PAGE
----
Memorial to Black Settlers, Harrison Park, Owen Sound

Owen Sound was the last terminal of the Underground Railroad, the route followed by fugitives from slavery in the United States. The commemorative cairn was unveiled on 31 July 2004.
At the height of activity on the Underground Railroad, this area was newly opened for settlement. As a result, former slaves who settled in the rural area to clear land and begin farms were part of the community from its inception. This thoughtfully designed site conveys a sense of shelter, protection, reflection and celebration for the descendants of slaves who travelled this route to freedom. It was said that apple trees and their blossoms showed the route north. The quilt designs depicted in the tiles feature messages from the route of the Railroad and include North Star, Flying Geese, Crossroads, Drunkards Path (instructing slaves to zigzag), Sailboat (symbol of a water crossing) and Log Cabin, indicating a safe house on the Underground Railroad.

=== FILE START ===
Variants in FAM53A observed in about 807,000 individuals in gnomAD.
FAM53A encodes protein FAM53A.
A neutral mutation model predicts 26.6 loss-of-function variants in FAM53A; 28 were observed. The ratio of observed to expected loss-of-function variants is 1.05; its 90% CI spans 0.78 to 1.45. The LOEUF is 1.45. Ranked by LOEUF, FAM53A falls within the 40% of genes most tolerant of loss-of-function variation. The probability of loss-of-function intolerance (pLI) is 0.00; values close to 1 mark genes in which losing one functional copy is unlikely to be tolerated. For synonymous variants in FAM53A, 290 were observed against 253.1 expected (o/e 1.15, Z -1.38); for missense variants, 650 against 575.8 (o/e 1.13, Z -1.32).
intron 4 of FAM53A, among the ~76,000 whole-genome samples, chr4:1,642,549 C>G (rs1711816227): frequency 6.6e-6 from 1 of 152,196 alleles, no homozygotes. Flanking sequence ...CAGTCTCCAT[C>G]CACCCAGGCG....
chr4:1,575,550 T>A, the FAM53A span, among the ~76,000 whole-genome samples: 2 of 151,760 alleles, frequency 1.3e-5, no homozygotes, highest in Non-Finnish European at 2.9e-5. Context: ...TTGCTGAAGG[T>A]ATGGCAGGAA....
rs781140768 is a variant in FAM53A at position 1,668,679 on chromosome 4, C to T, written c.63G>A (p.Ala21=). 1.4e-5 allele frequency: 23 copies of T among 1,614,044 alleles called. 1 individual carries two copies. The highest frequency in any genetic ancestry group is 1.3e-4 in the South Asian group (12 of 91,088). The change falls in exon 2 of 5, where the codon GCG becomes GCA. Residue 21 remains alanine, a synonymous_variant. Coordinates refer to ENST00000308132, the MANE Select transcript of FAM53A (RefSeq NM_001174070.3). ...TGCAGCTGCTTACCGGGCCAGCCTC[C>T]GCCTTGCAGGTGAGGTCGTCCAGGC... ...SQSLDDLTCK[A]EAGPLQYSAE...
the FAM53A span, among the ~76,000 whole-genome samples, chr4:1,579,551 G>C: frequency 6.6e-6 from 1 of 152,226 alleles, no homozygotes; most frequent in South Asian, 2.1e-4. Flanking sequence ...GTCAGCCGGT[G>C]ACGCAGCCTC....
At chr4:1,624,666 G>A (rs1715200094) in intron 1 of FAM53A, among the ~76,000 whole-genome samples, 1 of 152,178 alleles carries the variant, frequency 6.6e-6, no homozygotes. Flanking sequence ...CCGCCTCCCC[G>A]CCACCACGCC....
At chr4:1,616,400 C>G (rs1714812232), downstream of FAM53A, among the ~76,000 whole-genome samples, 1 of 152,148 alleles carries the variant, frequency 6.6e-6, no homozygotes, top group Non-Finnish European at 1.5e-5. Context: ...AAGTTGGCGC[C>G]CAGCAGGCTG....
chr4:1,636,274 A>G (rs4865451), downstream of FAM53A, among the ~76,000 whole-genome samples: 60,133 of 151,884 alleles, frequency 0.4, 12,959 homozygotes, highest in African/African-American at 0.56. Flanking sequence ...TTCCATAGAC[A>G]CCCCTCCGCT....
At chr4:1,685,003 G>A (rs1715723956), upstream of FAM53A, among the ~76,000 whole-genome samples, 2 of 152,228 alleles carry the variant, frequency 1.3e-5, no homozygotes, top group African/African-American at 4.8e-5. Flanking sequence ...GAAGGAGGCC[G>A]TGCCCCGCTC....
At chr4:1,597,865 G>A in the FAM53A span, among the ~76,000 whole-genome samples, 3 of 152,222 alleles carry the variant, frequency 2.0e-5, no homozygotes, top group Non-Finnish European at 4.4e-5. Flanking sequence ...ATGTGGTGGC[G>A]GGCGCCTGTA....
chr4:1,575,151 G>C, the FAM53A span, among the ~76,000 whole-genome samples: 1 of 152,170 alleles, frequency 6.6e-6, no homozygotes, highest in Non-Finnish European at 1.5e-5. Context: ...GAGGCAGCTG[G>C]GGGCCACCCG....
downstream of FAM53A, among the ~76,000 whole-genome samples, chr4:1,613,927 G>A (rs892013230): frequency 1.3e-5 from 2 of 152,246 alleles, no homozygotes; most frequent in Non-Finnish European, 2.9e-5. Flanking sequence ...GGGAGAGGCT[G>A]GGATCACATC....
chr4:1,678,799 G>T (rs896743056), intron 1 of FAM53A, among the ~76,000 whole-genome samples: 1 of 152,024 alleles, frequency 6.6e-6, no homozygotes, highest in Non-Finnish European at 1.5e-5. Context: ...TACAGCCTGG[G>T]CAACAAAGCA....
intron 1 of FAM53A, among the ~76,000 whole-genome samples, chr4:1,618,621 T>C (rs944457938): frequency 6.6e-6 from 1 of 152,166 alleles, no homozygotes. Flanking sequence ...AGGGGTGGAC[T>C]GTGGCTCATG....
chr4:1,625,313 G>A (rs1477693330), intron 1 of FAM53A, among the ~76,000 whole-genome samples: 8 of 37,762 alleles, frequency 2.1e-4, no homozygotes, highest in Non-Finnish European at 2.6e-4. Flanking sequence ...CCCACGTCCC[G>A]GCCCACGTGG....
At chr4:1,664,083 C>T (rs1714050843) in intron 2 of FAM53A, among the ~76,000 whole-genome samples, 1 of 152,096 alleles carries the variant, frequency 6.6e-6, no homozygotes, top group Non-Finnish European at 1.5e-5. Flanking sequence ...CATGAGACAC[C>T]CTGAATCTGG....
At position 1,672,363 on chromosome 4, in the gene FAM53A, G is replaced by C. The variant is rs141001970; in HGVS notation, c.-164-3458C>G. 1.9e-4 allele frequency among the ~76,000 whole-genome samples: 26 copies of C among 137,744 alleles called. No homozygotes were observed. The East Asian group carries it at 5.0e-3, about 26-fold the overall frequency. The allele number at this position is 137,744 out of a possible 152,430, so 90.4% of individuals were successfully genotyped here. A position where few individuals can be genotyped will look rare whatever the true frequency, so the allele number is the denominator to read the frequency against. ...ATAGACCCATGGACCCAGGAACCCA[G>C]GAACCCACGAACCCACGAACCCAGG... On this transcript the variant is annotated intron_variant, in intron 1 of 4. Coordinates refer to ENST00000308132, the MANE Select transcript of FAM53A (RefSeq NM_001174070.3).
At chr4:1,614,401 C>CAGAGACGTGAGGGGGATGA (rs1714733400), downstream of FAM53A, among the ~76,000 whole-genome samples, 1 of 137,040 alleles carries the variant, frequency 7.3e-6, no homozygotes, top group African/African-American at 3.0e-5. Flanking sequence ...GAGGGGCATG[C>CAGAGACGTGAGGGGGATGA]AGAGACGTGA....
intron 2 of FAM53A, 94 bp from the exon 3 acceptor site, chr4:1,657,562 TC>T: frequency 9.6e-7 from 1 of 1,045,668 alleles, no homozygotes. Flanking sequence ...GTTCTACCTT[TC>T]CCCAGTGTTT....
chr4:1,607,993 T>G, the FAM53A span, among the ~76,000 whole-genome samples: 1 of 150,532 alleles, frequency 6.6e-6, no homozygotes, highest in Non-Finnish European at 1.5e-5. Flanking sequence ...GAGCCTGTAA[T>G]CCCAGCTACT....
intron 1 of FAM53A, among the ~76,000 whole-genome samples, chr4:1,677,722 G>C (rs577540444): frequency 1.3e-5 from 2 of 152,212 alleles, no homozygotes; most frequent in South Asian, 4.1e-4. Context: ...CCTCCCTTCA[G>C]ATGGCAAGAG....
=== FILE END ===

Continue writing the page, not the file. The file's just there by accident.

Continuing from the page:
In addition, the broken shackles at this site symbolize the achievement of emancipation. The windows used in the monument are shaped from the original window frames of the “Little Zion” church that was the first black church in Owen Sound. That church has since been taken down, but the windows were saved and stored.

Credits: www.osblackhistory.com/underground
Photo Credits: Sheila Cornett